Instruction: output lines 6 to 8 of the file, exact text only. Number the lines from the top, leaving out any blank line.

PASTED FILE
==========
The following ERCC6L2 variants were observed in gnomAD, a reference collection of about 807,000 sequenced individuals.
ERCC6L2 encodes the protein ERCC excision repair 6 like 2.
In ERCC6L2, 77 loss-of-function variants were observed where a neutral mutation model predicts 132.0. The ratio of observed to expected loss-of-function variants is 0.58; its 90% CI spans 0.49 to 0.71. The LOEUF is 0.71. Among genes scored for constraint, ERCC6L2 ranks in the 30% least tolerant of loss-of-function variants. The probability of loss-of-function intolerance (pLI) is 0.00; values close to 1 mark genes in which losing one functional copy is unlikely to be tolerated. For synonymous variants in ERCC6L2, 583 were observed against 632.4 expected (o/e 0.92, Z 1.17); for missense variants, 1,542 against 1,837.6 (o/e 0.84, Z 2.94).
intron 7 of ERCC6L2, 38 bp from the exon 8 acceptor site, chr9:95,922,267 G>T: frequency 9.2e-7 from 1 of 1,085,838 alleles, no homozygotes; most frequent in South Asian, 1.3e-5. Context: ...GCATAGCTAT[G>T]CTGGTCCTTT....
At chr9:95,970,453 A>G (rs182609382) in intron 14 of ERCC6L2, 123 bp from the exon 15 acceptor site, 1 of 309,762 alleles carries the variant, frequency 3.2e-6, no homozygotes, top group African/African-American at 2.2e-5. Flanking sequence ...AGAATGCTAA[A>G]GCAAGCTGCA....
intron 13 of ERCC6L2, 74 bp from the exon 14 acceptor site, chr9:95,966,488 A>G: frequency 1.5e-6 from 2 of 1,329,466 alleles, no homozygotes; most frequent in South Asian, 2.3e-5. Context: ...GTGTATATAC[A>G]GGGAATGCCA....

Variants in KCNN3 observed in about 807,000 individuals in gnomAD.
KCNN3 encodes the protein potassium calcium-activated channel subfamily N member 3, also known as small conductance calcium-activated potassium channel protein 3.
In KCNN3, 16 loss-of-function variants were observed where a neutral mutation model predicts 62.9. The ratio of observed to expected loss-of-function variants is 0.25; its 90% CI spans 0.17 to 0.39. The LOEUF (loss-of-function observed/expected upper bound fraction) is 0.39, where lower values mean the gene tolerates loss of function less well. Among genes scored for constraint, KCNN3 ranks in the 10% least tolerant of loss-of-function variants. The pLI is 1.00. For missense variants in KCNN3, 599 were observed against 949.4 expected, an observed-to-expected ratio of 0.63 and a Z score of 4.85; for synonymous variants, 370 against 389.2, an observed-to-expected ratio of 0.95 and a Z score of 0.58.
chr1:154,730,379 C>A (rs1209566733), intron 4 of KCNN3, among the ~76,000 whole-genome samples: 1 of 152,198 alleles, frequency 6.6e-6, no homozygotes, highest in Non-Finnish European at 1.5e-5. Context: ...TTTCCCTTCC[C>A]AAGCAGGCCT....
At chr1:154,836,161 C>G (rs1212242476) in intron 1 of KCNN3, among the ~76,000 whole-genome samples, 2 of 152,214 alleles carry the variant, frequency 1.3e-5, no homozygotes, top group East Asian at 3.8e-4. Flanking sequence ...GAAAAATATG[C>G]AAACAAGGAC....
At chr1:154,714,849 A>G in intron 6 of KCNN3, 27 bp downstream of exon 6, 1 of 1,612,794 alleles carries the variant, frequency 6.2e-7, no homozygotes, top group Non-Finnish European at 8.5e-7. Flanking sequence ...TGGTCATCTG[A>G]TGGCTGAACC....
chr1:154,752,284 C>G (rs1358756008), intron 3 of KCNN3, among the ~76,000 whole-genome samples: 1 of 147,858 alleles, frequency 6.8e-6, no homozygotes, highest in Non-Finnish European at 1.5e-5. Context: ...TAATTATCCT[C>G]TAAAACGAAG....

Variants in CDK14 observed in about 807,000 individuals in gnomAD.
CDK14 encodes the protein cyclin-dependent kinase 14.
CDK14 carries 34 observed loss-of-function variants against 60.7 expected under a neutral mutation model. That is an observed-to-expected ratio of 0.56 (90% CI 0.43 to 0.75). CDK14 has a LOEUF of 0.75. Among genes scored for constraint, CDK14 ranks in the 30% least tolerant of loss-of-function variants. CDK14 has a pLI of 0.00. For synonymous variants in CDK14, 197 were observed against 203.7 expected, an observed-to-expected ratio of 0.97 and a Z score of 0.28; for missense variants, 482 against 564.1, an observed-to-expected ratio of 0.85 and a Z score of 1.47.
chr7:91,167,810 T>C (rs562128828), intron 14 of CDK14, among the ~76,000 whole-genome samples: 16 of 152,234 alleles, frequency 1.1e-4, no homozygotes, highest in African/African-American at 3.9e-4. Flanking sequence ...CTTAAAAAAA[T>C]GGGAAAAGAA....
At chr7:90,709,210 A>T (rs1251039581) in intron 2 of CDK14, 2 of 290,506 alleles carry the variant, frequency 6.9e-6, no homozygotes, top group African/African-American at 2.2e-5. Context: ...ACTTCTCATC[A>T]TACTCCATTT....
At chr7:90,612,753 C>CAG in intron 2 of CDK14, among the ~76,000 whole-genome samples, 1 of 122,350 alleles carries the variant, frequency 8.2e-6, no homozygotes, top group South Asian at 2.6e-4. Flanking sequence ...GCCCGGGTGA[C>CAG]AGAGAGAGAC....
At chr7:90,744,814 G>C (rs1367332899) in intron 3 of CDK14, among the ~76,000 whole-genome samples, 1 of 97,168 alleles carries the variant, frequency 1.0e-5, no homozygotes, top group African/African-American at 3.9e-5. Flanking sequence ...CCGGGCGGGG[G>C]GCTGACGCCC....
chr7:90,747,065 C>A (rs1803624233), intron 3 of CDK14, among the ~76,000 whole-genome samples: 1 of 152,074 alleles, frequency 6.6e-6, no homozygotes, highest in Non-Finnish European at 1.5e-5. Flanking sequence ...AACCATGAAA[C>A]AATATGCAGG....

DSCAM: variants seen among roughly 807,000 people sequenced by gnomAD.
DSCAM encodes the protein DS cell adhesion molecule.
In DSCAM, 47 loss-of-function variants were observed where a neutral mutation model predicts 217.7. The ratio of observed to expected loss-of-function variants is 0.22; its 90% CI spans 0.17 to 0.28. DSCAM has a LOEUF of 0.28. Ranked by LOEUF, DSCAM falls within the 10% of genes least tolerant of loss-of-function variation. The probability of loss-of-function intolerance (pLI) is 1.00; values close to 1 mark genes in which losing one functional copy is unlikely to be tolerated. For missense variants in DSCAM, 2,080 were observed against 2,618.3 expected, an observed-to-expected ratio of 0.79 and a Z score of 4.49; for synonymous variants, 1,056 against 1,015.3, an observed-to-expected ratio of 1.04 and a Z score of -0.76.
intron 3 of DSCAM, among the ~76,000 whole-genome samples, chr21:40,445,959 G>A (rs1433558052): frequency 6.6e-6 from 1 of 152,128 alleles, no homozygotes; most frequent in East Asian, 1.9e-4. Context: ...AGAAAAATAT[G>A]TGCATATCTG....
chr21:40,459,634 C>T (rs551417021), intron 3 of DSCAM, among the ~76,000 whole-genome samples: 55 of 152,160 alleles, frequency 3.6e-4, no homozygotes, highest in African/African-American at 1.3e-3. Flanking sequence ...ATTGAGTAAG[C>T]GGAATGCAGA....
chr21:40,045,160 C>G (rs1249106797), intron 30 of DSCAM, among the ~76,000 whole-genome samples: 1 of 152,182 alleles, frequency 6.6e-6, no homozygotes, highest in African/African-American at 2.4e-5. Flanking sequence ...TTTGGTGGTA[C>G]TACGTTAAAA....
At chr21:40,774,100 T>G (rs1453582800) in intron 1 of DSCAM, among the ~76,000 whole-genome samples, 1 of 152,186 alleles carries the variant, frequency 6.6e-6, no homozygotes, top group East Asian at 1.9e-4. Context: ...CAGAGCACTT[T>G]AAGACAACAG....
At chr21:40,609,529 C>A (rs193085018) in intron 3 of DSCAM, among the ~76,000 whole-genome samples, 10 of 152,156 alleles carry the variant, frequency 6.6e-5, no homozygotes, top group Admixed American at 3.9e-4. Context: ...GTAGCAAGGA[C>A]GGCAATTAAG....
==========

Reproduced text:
intron 13 of ERCC6L2, 74 bp from the exon 14 acceptor site, chr9:95,966,488 A>G: frequency 1.5e-6 from 2 of 1,329,466 alleles, no homozygotes; most frequent in South Asian, 2.3e-5. Context: ...GTGTATATAC[A>G]GGGAATGCCA....

Variants in KCNN3 observed in about 807,000 individuals in gnomAD.
KCNN3 encodes the protein potassium calcium-activated channel subfamily N member 3, also known as small conductance calcium-activated potassium channel protein 3.